If you're owned by a bulldog, you probably know that this adorable, wrinkled breed is prone to numerous health ailments. English bulldogs can suffer from calcium deficiency, also known as hypocalcemia. While too little calcium affects various organs, in the bulldog the most common symptom is uncontrollable shaking.
Calcium, one of the body's most important substances, is responsible for the formation of the teeth and the skeletal system, the pumping of the heart, enzyme and hormone metabolism, blood clotting, milk production and more. Hypocalcemia results when calcium levels fall below the amount necessary for normal body function. When your vet conducts the annual biochemistry profile at your bulldog's well visit, she'll learn whether your dog's body contains sufficient amounts of calcium. Don't feed your bulldog calcium supplements without veterinary approval. Too much calcium in the system can harm the kidneys.
English bulldogs are predisposed to involuntary tremors, according to petMD. Your bulldog's entire body might shake, or the movement could be confined to his head or hind legs. This involuntary shaking can result from hypocalcemia. To diagnose the cause, your vet takes blood and urine samples for testing. If low blood calcium is the cause, your vet can prescribe supplements or recommend dietary changes. Canines affected with involuntary tremors shouldn't undergo strenuous exercise. In bulldogs, that's probably already the case. Your bulldog's not a strenuous-exercise kind of guy.
It's important to keep your bulldog at a healthy weight, although it isn't always easy. His short muzzle makes breathing difficult, so anything more than light exercise is out. He's probably right by your side when you're eating, giving you soulful looks for table scraps. Don't give in—you could be doing him serious harm. Obese dogs are more prone to pancreatitis, or inflammation of the pancreas, an organ that aids digestion and produces insulin. The acute version of this disease can result from hypocalcemia. Pancreatitis can prove fatal. Even if your bulldog recovers, he's prone to relapse and will have to be carefully monitored.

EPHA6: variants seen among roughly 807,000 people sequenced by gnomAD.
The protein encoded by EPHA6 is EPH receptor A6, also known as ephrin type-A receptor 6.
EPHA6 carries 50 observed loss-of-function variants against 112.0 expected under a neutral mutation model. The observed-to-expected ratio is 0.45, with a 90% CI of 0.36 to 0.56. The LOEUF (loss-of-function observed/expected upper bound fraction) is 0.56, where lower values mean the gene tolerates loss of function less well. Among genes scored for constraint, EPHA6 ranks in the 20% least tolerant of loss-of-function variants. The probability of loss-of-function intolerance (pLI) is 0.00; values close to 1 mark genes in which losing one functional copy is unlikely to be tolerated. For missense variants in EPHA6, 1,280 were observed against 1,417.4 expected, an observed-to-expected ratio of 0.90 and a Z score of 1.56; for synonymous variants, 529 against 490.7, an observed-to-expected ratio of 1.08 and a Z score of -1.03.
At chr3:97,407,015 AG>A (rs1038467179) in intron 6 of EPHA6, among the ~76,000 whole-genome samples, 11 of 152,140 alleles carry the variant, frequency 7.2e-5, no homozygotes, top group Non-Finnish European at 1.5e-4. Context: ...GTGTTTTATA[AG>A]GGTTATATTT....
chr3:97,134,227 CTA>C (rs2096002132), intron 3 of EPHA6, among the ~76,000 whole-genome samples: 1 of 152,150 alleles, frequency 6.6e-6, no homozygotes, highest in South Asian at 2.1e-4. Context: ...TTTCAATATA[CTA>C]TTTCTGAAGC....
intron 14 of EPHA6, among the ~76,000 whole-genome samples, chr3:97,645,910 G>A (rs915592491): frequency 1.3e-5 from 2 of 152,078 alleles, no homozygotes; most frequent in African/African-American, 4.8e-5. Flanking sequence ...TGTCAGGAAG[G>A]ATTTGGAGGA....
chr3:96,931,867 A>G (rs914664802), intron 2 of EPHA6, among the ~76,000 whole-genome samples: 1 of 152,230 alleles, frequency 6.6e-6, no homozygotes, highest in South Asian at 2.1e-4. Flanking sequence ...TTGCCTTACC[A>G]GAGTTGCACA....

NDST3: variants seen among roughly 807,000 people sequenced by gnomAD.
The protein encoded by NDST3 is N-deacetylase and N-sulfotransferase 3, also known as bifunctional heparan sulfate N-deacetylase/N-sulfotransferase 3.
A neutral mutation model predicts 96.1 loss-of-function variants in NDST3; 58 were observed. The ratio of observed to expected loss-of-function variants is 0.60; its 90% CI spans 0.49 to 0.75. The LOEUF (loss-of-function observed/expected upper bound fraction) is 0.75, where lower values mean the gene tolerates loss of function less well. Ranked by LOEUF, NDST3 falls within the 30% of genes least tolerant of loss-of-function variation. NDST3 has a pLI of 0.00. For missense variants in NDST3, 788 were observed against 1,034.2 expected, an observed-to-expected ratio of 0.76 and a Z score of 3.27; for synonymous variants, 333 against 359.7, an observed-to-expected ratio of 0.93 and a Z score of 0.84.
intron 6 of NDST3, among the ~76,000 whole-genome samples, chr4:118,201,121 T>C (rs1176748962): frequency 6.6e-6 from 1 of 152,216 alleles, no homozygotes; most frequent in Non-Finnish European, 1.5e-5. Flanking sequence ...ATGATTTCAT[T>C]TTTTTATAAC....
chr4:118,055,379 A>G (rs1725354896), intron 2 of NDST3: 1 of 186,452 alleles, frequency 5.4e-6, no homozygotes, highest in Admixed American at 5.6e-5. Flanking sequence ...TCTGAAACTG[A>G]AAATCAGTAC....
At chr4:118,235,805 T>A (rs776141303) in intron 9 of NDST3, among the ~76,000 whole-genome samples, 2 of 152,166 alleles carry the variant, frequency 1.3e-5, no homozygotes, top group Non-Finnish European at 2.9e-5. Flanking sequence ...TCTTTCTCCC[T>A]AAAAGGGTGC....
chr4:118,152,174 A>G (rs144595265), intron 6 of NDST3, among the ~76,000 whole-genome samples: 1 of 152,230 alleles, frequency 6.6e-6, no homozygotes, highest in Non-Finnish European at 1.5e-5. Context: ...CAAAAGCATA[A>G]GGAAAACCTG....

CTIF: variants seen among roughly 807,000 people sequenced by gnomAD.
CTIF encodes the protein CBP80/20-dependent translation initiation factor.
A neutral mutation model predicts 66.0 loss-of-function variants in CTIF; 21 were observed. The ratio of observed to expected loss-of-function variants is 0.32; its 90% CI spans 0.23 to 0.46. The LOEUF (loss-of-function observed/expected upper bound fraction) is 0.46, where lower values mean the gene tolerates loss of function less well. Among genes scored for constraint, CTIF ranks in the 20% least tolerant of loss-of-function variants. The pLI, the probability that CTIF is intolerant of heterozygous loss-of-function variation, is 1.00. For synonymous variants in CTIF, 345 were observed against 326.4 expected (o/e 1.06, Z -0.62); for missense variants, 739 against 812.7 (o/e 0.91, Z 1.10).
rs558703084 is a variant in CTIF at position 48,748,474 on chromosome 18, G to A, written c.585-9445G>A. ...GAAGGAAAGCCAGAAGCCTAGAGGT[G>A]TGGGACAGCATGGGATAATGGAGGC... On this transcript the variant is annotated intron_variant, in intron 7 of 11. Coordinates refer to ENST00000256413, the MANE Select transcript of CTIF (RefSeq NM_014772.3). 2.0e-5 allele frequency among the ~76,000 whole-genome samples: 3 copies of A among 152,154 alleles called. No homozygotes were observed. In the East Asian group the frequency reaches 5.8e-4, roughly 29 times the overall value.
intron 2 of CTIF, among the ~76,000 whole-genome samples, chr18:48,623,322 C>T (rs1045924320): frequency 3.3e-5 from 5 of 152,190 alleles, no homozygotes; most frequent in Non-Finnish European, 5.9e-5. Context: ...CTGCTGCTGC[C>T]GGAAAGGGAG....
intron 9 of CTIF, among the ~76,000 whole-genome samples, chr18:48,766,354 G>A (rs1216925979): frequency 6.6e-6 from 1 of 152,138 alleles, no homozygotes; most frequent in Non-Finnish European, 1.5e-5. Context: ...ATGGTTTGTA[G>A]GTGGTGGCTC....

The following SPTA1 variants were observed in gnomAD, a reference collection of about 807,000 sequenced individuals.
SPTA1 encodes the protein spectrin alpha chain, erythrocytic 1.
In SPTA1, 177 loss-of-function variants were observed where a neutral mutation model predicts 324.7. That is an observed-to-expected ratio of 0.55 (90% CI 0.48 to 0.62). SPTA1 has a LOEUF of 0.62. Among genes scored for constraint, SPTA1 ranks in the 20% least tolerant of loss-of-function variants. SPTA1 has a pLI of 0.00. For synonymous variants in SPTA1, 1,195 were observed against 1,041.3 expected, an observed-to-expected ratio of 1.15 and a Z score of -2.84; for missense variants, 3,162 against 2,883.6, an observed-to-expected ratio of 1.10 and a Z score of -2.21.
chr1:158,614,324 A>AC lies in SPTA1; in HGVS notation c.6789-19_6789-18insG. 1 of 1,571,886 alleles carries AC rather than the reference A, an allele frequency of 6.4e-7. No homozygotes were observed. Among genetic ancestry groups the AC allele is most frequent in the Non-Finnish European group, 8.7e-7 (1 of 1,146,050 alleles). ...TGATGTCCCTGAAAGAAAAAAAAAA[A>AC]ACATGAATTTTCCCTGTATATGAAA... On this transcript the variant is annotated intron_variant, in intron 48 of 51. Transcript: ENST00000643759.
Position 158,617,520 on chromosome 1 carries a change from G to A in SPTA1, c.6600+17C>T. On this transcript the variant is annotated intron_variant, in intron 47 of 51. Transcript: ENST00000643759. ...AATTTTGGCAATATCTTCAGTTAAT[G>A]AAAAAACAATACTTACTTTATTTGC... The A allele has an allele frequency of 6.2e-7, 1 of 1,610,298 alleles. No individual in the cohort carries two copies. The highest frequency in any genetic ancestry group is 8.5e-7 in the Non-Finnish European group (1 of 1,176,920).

During her pregnancy, you might need to supplement calcium in your bulldog so she has sufficient amounts for the growing fetuses. Bulldogs often don't have easy deliveries. Because of the size of the puppies' heads compared to that of the mother's pelvis, a Caesarean section might be necessary. Added to that stress, the mother could suffer from calcium deficiency while nursing her puppies. If she's seriously depleting her calcium to feed the babies, she could develop eclampsia, or milk fever. Signs of this veterinary emergency include fever, disorientation, wobbly gait, rapid breathing and seizures. While your vet can save your bulldog by giving her intravenous calcium, you'll probably have to bottle-feed the puppies until weaning.
Jane Meggitt has been a writer for more than 20 years. In addition to reporting for a major newspaper chain, she has been published in "Horse News," "Suburban Classic," "Hoof Beats," "Equine Journal" and other publications. She has a Bachelor of Arts in English from New York University and an Associate of Arts from the American Academy of Dramatics Arts, New York City.